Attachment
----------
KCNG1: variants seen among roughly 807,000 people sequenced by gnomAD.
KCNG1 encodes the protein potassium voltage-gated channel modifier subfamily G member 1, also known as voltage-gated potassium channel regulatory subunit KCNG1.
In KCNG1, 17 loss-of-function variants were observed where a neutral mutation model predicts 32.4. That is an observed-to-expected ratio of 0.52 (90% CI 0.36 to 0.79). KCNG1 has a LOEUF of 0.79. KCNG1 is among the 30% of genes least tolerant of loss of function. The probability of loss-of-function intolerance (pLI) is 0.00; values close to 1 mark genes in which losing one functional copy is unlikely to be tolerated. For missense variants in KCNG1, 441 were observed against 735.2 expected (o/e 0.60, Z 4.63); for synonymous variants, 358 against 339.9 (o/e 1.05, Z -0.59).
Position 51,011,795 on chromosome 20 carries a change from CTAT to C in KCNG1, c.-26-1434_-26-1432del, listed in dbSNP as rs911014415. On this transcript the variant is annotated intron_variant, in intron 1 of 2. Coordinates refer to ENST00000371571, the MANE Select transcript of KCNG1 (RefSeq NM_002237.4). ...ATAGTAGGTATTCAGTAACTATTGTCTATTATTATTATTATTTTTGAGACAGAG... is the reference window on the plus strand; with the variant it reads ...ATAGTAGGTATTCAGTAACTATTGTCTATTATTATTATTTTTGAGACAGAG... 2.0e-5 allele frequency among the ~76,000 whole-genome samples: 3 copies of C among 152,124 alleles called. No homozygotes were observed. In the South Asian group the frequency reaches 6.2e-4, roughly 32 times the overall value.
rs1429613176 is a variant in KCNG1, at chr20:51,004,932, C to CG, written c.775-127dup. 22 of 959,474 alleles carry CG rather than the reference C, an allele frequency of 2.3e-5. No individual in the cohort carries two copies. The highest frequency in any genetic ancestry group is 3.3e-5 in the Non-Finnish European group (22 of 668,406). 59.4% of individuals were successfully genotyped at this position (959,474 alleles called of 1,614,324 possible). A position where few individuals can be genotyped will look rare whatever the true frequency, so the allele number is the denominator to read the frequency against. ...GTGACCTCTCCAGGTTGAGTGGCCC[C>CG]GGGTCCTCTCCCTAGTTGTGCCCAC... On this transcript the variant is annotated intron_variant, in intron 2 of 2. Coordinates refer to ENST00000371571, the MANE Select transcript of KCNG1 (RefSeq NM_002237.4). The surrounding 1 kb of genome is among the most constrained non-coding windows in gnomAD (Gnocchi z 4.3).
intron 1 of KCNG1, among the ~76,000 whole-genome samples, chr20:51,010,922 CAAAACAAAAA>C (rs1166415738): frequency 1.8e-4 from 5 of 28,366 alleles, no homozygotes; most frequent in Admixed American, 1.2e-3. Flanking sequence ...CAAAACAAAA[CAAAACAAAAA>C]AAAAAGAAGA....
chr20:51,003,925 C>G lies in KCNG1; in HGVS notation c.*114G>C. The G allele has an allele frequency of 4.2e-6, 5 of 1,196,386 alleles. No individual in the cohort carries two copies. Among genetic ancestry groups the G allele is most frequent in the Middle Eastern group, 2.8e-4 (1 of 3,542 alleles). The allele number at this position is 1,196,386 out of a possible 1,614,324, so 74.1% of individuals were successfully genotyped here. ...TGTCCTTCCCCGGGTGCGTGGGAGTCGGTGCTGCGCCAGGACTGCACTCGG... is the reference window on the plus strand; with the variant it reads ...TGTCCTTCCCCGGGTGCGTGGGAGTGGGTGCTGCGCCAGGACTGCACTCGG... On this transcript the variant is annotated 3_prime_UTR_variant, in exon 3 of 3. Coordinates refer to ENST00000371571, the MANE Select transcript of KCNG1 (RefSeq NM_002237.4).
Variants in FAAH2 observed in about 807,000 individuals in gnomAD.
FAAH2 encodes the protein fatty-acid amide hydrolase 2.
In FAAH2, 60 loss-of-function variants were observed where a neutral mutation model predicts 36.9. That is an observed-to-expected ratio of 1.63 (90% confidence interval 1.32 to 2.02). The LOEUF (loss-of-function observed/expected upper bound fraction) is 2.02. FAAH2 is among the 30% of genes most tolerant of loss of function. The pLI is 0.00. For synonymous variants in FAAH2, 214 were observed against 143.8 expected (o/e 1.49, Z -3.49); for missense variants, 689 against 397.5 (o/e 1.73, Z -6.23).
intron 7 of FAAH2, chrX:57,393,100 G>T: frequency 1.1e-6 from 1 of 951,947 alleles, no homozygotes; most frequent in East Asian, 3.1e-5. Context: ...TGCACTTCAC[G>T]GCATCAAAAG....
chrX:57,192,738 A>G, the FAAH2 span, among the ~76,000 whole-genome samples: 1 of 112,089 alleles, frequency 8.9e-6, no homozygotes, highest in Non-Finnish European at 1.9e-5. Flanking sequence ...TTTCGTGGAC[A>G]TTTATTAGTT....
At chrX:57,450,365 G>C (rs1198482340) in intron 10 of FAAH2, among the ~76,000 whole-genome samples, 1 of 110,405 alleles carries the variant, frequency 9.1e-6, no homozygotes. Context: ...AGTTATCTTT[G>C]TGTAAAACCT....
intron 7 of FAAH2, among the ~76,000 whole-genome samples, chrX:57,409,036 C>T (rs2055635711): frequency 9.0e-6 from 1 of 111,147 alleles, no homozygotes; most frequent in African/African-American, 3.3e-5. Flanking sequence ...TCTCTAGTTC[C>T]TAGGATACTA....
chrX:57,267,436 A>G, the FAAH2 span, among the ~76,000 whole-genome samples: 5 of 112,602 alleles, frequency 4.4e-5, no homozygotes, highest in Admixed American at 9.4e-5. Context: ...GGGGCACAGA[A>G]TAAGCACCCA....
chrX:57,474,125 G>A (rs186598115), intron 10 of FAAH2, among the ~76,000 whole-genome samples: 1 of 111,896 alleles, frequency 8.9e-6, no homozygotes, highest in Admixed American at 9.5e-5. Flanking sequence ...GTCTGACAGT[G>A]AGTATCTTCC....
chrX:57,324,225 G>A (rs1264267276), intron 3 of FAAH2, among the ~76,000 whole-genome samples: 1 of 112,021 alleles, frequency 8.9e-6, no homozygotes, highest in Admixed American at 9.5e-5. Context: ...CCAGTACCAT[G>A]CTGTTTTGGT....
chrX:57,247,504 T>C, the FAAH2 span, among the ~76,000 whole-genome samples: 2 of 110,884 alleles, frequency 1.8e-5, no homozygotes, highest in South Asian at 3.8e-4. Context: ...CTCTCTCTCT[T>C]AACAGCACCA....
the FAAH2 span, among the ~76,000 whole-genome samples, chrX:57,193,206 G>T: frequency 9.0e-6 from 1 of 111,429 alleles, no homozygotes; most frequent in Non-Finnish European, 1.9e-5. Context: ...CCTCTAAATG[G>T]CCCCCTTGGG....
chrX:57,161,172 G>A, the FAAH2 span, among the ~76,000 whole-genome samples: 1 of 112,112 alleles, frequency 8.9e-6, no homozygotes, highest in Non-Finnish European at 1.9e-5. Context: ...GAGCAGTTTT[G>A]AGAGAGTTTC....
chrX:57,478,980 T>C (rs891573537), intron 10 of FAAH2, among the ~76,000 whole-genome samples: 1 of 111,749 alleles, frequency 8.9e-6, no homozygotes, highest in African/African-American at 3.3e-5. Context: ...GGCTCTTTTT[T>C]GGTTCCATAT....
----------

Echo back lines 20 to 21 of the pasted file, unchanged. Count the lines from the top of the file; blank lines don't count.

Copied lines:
chrX:57,161,172 G>A, the FAAH2 span, among the ~76,000 whole-genome samples: 1 of 112,112 alleles, frequency 8.9e-6, no homozygotes, highest in Non-Finnish European at 1.9e-5. Context: ...GAGCAGTTTT[G>A]AGAGAGTTTC....
chrX:57,478,980 T>C (rs891573537), intron 10 of FAAH2, among the ~76,000 whole-genome samples: 1 of 111,749 alleles, frequency 8.9e-6, no homozygotes, highest in African/African-American at 3.3e-5. Context: ...GGCTCTTTTT[T>C]GGTTCCATAT....